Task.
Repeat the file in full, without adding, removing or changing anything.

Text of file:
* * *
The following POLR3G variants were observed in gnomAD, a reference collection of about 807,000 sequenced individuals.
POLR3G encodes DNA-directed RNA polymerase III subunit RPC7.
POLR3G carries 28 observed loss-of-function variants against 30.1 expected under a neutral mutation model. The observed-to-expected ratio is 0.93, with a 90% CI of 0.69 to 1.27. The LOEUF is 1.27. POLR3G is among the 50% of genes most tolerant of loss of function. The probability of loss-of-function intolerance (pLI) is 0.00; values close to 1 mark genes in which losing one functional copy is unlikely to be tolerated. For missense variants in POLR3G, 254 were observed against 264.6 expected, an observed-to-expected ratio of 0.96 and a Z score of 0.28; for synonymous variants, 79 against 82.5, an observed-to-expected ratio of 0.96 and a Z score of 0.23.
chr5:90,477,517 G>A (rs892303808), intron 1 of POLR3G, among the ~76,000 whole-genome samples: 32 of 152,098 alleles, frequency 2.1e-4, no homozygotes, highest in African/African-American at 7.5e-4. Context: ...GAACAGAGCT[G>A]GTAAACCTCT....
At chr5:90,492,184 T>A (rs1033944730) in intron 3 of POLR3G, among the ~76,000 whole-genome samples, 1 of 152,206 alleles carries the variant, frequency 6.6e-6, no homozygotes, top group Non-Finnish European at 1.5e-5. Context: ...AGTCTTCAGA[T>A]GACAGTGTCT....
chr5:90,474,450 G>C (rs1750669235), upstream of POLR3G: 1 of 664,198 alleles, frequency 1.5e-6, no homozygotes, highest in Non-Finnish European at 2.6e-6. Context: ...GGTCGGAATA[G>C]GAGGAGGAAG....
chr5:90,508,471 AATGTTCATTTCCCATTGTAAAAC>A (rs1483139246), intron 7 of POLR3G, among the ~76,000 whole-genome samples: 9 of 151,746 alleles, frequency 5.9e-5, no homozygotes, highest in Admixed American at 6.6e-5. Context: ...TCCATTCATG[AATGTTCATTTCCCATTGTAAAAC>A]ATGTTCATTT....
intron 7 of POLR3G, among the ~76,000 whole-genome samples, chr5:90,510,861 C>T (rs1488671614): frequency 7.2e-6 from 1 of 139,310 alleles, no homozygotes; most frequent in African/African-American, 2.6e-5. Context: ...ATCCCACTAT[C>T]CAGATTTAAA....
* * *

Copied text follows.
The following POLR3G variants were observed in gnomAD, a reference collection of about 807,000 sequenced individuals.
POLR3G encodes DNA-directed RNA polymerase III subunit RPC7.
POLR3G carries 28 observed loss-of-function variants against 30.1 expected under a neutral mutation model. The observed-to-expected ratio is 0.93, with a 90% CI of 0.69 to 1.27. The LOEUF is 1.27. POLR3G is among the 50% of genes most tolerant of loss of function. The probability of loss-of-function intolerance (pLI) is 0.00; values close to 1 mark genes in which losing one functional copy is unlikely to be tolerated. For missense variants in POLR3G, 254 were observed against 264.6 expected, an observed-to-expected ratio of 0.96 and a Z score of 0.28; for synonymous variants, 79 against 82.5, an observed-to-expected ratio of 0.96 and a Z score of 0.23.
chr5:90,477,517 G>A (rs892303808), intron 1 of POLR3G, among the ~76,000 whole-genome samples: 32 of 152,098 alleles, frequency 2.1e-4, no homozygotes, highest in African/African-American at 7.5e-4. Context: ...GAACAGAGCT[G>A]GTAAACCTCT....
At chr5:90,492,184 T>A (rs1033944730) in intron 3 of POLR3G, among the ~76,000 whole-genome samples, 1 of 152,206 alleles carries the variant, frequency 6.6e-6, no homozygotes, top group Non-Finnish European at 1.5e-5. Context: ...AGTCTTCAGA[T>A]GACAGTGTCT....
chr5:90,474,450 G>C (rs1750669235), upstream of POLR3G: 1 of 664,198 alleles, frequency 1.5e-6, no homozygotes, highest in Non-Finnish European at 2.6e-6. Context: ...GGTCGGAATA[G>C]GAGGAGGAAG....
chr5:90,508,471 AATGTTCATTTCCCATTGTAAAAC>A (rs1483139246), intron 7 of POLR3G, among the ~76,000 whole-genome samples: 9 of 151,746 alleles, frequency 5.9e-5, no homozygotes, highest in Admixed American at 6.6e-5. Context: ...TCCATTCATG[AATGTTCATTTCCCATTGTAAAAC>A]ATGTTCATTT....
intron 7 of POLR3G, among the ~76,000 whole-genome samples, chr5:90,510,861 C>T (rs1488671614): frequency 7.2e-6 from 1 of 139,310 alleles, no homozygotes; most frequent in African/African-American, 2.6e-5. Context: ...ATCCCACTAT[C>T]CAGATTTAAA....